The Federal High Court in Lagos on Friday granted an interim injunction restraining the National Assembly from compelling The Nation’s editor, Gbenga Omotoso, and a correspondent, Imam Bello, to appear before the Senate Committee on Ethics, Privileges and Public Petitions over a story.
Justice Mohammed Yunusa made the order following a motion ex-parte moved by the applicants’ lawyer, Mr Wahab Shittu.
Vintage Press Limited (publisher of The Nation), Omotoso and Bello are the applicants, while the National Assembly and the Senate are the respondents.
The Senate had, in an August 4 letter, invited Omotoso and Bello to appear before it unfailingly over the story: Motion: 22 APC Northern senators ‘working against Buhari’.
The report says that 22 Northern senators elected on the All Progressives Party (APC) platform have been identified as “teaming up with the opposition to work against President Muhammadu Buhari and the ruling party”.
The Senate wrote another letter on August 11, threatening to invoke Section 89 (1) (D) of the 1999 Constitution (as amended) to compel the applicants’ appearance.
Justice Yunusa granted an order of interim injunction restraining the respondents, whether by themselves, their members, committees or agents from summoning or directing the appearance of the applicants or any of their agents before any Senate Committee.
The court barred the lawmakers from requesting the applicants to produce any papers, notes or other documents in respect of the story.
The judge also restrained the respondents from issuing a warrant to compel the applicants’ attendance before the Senate Committee set up to investigate the publication.
The order, the judge held, is to remain in force pending the hearing and determination of the applicants’ motion on notice.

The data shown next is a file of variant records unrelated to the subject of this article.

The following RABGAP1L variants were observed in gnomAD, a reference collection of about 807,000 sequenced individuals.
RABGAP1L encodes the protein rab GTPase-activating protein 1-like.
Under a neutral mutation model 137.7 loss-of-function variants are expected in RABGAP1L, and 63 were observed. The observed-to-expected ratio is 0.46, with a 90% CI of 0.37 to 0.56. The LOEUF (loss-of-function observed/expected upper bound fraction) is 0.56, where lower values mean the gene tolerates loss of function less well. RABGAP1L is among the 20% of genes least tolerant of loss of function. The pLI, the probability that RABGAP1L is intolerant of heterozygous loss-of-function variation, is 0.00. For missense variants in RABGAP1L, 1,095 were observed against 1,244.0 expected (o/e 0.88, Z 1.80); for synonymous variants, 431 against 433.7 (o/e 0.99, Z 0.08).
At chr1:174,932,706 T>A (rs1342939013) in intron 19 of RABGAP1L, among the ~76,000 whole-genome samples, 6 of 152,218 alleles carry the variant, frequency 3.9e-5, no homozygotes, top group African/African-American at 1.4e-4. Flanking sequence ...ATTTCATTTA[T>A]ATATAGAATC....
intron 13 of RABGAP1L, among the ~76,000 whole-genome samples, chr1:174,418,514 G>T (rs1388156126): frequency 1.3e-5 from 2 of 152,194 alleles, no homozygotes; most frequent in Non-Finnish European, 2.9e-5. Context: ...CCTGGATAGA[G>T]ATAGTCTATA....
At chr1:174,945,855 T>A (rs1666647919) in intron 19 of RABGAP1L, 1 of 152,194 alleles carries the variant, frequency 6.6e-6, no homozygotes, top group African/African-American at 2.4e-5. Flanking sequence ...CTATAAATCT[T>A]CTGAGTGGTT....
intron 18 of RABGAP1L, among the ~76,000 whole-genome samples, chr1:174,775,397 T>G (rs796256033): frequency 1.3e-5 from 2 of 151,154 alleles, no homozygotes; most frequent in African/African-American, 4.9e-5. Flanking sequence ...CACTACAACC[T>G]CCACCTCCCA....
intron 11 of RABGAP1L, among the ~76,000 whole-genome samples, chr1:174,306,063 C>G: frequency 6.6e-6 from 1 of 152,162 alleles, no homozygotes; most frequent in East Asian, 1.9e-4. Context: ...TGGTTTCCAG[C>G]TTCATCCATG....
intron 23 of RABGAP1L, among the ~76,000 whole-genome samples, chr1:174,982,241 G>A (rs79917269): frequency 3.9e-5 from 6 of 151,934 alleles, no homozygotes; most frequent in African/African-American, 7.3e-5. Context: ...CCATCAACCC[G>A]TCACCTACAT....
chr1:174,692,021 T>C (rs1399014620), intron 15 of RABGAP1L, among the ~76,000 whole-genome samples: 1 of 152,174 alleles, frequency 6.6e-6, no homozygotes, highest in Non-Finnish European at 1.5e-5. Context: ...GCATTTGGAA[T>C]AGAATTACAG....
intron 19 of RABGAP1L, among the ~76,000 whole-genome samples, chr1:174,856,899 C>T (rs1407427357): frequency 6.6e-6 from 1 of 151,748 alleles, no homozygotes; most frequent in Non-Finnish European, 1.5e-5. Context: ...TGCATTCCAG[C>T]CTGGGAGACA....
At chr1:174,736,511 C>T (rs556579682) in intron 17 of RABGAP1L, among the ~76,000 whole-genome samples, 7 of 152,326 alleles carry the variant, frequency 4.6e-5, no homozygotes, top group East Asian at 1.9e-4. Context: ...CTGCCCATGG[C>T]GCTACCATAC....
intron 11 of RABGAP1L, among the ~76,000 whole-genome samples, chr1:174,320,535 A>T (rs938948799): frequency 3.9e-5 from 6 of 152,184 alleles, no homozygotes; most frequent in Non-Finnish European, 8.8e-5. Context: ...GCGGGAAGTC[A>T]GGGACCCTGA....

Shittu, in a supporting affidavit to the motion ex-parte, said unless the respondents were restrained, there is a great likelyhood of the breach or threatened breach of the applicants’ fundamental rights to receive and impart information as guaranteed by the Constitution.
The applicants said the content of the publication has not been disputed or challenged, nor has the National Assembly issued a rejoinder to the story or made a formal complaint over the publication.
According to them, the laws of libel and slander are available to anyone who feels aggrieved by any offensive publication, an option that is also available to the Senate.
Shittu said rather than react to the story or deny it, the Senate wrote to the applicants, directing them to compulsorily appear before the committee or risk being arrested.
The lawyer said the applicants are seeking to enforce their fundamental human rights to personal liberty and freedom of expression.
He said the story, which is of national interest, was published based on “anonymous but informed sources” who cannot be disclosed to anyone in line with the ethics of journalism.
Shittu said the Senate was trying to compel the applicants to explain the source of the story, threatening to violate their right by arresting Omotoso and Bello should they fail to show up before its committee.
“The rights of the applicants to freedom of expression and the press guaranteed by Section 39 of the Constitution is about to be infringed upon except your Lordship interferes quickly before one of the country’s leading newspapers is brought to ridicule.
“If they (respondents) have any cause to challenge the story, they can go to court and sue for libel. They also have a right to publish a rejoinder. Unless your Lordship restrains them, they will issue a Bench warrant and our clients will be embarrassed beyond repair.
“We urge your Lordship to grant the reliefs in the interim so that they will not foist a fait accompli (state of helplessness) on the honourable court,” Shittu said.
Besides, the lawyer said the Senate cannot compel the applicants to appear before it under Section 39 because the applicants are not a government agency, but members of the Fourth Esta
te of the Realm whose functions are guaranteed by the Constitution.
“Section 89 of the 1999 Constitution does not derogate from the rights guaranteed to the applicants under Section 39. The invitation is intended to prevent the applicants from discharging their duties in the ordinary course of business,” Shittu said.
After listening to the submissions, Justice Yunusa held: “I have considered the processes filed and the constitutional provisions relied on. I hold the view that the application has merit and is hereby granted.”
The judge adjourned to August 28 for report of compliance.
Source: The Nation